There are few things that one person can do to another that is more violating than rape. It is an act of power, an act of selfishness, and an act of degradation. Violation is a film about such an act—a moment when a man sees a woman and takes what he wants. The result is a visceral and uncomfortable watch that sees a woman go to extremes to take her revenge.
Miriam (Madeleine Sims-Fewer) was supposed to have a nice, relaxing time at her sister’s cabin. She and her partner Caleb (Obi Abili) are on the outs, and she needs a place to unwind and people to connect with. Her relationship with her sister Greta (Anna Maguire)is strained, but her relationship with Greta’s husband Dylan (Jesse LaVercombe) is flirtatious. They share an undeniable connection, and in a drunken moment, while they are alone by the fire, Miriam kisses him. There are apologies and explanations, and then they fall asleep. The following morning, as Dyan wakes up, he rapes Miriam.
Sims-Fewer and co-director Dusty Mancinelli tell this story out of sequence. Miriam’s story jumps back and forth enough that you might lose track if you aren’t paying attention, but in such a way that the film will repeatedly punch you in the gut if you are. The first timeline follows the day that leads up to the assault as well as the day after. The other follows Miriam a year later, having invited Dylan to the cabin under the pretence of a romantic liaison.
Sims-Fewer, doing triple duty as co-writer, co-director, and star, is the real standout here. Miriam is isolated in the film from beginning end, first by her tense relationships with Greta and Caleb, and later by Greta disbelieving her and Dylan denying the truth of what happened. By the time she has invited Dylan for the rendezvous, she is past the point of desperation, and while she is committed to what she is about to do, she is also anxious and terrified.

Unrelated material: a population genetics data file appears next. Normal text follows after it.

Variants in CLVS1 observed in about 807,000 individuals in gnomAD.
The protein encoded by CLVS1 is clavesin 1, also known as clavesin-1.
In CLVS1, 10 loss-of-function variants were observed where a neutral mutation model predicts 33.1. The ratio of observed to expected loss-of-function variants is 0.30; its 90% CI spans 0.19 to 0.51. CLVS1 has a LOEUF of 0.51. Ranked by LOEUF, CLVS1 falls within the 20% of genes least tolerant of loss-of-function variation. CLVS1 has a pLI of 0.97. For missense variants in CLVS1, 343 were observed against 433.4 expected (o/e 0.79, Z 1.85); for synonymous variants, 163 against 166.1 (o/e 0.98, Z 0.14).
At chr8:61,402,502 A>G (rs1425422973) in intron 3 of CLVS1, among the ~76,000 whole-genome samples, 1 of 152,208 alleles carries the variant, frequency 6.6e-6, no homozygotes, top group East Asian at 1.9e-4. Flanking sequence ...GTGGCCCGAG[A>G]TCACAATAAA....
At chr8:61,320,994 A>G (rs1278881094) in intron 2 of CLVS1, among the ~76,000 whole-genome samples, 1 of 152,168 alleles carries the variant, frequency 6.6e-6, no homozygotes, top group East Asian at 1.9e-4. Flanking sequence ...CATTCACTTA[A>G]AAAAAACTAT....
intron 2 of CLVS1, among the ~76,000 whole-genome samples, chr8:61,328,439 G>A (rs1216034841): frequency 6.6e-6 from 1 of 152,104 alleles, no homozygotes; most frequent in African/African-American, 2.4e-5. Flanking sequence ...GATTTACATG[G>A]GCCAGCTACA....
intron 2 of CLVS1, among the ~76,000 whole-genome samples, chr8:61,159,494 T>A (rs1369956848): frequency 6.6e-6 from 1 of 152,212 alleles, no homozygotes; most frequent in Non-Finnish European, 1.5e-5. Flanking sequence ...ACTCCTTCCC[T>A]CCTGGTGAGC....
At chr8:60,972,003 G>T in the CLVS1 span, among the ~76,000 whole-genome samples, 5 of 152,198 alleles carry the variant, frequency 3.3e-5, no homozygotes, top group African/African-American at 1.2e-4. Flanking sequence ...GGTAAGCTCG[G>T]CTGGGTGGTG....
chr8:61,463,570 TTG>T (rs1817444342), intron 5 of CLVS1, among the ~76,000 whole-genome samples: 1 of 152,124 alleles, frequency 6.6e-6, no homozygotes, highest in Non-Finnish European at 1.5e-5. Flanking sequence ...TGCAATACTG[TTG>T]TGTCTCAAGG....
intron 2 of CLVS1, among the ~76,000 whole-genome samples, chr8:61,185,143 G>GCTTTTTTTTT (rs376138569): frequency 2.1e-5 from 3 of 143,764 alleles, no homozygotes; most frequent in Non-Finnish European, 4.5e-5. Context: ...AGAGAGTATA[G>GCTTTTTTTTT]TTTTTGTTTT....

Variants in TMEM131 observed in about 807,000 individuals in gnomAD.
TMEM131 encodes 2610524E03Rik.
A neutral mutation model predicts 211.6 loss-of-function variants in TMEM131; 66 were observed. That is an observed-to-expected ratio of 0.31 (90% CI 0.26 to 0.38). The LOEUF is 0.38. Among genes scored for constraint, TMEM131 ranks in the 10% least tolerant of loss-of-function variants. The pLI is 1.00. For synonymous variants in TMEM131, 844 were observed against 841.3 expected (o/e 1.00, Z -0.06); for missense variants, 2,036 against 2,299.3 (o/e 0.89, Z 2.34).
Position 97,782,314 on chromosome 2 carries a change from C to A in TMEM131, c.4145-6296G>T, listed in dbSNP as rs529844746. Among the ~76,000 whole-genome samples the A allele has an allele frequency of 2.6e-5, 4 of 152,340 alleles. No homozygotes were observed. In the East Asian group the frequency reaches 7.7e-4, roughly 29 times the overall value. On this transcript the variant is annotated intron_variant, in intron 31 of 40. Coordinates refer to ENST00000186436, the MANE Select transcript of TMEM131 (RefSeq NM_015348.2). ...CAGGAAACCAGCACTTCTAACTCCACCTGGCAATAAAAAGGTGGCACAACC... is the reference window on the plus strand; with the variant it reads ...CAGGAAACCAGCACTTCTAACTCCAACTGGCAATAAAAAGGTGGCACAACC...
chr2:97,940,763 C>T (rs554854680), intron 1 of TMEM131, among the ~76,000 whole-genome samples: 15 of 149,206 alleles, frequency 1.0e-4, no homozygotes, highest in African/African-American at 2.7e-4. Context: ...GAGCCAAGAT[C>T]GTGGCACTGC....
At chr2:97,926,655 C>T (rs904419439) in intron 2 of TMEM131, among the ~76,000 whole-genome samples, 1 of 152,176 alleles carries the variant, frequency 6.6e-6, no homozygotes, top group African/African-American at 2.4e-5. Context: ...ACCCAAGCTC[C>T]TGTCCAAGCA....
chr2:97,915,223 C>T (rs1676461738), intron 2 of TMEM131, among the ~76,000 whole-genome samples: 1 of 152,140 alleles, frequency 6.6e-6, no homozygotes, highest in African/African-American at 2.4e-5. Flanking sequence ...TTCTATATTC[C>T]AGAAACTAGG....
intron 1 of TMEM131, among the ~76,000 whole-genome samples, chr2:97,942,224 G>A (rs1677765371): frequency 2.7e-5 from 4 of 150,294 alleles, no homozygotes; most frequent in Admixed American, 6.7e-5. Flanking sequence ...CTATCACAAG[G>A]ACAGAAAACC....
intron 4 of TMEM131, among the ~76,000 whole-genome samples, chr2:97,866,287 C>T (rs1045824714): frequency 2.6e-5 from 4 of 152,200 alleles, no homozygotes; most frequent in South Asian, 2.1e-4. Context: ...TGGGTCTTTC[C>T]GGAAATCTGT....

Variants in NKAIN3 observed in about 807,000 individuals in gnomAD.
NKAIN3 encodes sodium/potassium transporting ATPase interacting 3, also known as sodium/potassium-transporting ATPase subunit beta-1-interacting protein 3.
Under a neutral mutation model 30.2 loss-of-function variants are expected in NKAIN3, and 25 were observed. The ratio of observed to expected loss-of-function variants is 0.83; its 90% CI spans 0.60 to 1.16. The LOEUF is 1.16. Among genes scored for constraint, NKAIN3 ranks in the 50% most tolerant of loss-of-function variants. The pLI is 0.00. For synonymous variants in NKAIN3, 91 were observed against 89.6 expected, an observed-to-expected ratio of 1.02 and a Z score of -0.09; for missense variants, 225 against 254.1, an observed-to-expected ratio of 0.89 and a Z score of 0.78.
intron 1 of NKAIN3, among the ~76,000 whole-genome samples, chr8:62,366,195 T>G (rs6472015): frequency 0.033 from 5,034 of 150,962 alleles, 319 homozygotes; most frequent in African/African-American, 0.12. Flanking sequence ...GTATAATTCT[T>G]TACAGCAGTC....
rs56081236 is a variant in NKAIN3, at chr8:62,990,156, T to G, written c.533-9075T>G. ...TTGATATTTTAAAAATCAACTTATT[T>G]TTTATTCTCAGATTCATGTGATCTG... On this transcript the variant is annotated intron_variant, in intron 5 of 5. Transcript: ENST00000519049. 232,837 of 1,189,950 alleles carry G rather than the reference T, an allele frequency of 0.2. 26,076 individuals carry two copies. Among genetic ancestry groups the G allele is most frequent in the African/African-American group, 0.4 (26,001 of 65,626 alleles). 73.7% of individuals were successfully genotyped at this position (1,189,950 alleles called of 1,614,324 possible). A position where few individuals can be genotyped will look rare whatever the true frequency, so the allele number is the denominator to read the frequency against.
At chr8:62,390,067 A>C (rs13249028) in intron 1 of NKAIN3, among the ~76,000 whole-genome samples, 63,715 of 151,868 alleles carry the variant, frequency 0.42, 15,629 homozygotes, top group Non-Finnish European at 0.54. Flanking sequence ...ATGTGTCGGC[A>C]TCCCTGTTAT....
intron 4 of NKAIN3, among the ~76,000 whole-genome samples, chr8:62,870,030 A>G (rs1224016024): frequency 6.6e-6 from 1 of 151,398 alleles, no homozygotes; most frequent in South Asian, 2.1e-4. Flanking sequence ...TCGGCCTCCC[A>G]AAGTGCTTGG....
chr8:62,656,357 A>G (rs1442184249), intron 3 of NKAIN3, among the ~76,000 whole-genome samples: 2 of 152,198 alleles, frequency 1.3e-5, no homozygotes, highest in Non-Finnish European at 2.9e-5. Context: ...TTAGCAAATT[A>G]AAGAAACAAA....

Where the movie really shines is in that second timeline. While the performances are great throughout, and the timeline jumping is incredibly effective, this latter half of the film doesn’t go the route that most rape-revenge films do and indulge in a blood-soaked rampage of revenge. Rather, Miriam takes her revenge, and it is shown in bleak, realistic, soul-crushing detail. Combined with persistent close-up imagery of the cabin and the surrounding wilderness, the film creates a relentless, ever-increasing intensity.
Violation is the feature film debut for Sims-Fewer and Mancinelli and is definitely one to see not only because it’s good, but because you’ll be excited to see what they do next.
Violation is streaming as part of the Victoria Film Festival for residents of British Columbia through February 14th.
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